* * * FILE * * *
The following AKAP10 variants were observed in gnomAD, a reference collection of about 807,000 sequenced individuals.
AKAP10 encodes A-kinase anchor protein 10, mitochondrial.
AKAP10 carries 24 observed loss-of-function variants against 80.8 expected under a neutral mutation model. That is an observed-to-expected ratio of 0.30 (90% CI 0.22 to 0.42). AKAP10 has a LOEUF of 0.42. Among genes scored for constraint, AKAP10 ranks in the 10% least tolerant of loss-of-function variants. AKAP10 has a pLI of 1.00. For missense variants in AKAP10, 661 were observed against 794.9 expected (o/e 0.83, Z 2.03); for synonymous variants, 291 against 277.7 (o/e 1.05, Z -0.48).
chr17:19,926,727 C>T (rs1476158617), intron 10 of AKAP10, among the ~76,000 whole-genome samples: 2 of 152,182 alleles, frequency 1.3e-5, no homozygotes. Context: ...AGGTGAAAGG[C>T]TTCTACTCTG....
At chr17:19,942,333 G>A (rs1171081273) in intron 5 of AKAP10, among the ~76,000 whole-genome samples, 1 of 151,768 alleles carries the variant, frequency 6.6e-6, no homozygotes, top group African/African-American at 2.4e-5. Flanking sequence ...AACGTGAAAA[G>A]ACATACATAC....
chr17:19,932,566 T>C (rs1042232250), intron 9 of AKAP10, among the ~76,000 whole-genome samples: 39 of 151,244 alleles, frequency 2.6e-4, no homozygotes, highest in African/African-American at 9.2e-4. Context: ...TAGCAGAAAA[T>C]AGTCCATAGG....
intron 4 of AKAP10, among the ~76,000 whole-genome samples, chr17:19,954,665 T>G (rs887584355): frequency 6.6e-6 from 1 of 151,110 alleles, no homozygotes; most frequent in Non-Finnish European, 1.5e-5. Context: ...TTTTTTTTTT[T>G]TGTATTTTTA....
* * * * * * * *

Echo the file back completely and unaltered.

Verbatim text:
The following AKAP10 variants were observed in gnomAD, a reference collection of about 807,000 sequenced individuals.
AKAP10 encodes A-kinase anchor protein 10, mitochondrial.
AKAP10 carries 24 observed loss-of-function variants against 80.8 expected under a neutral mutation model. That is an observed-to-expected ratio of 0.30 (90% CI 0.22 to 0.42). AKAP10 has a LOEUF of 0.42. Among genes scored for constraint, AKAP10 ranks in the 10% least tolerant of loss-of-function variants. AKAP10 has a pLI of 1.00. For missense variants in AKAP10, 661 were observed against 794.9 expected (o/e 0.83, Z 2.03); for synonymous variants, 291 against 277.7 (o/e 1.05, Z -0.48).
chr17:19,926,727 C>T (rs1476158617), intron 10 of AKAP10, among the ~76,000 whole-genome samples: 2 of 152,182 alleles, frequency 1.3e-5, no homozygotes. Context: ...AGGTGAAAGG[C>T]TTCTACTCTG....
At chr17:19,942,333 G>A (rs1171081273) in intron 5 of AKAP10, among the ~76,000 whole-genome samples, 1 of 151,768 alleles carries the variant, frequency 6.6e-6, no homozygotes, top group African/African-American at 2.4e-5. Flanking sequence ...AACGTGAAAA[G>A]ACATACATAC....
chr17:19,932,566 T>C (rs1042232250), intron 9 of AKAP10, among the ~76,000 whole-genome samples: 39 of 151,244 alleles, frequency 2.6e-4, no homozygotes, highest in African/African-American at 9.2e-4. Context: ...TAGCAGAAAA[T>C]AGTCCATAGG....
intron 4 of AKAP10, among the ~76,000 whole-genome samples, chr17:19,954,665 T>G (rs887584355): frequency 6.6e-6 from 1 of 151,110 alleles, no homozygotes; most frequent in Non-Finnish European, 1.5e-5. Context: ...TTTTTTTTTT[T>G]TGTATTTTTA....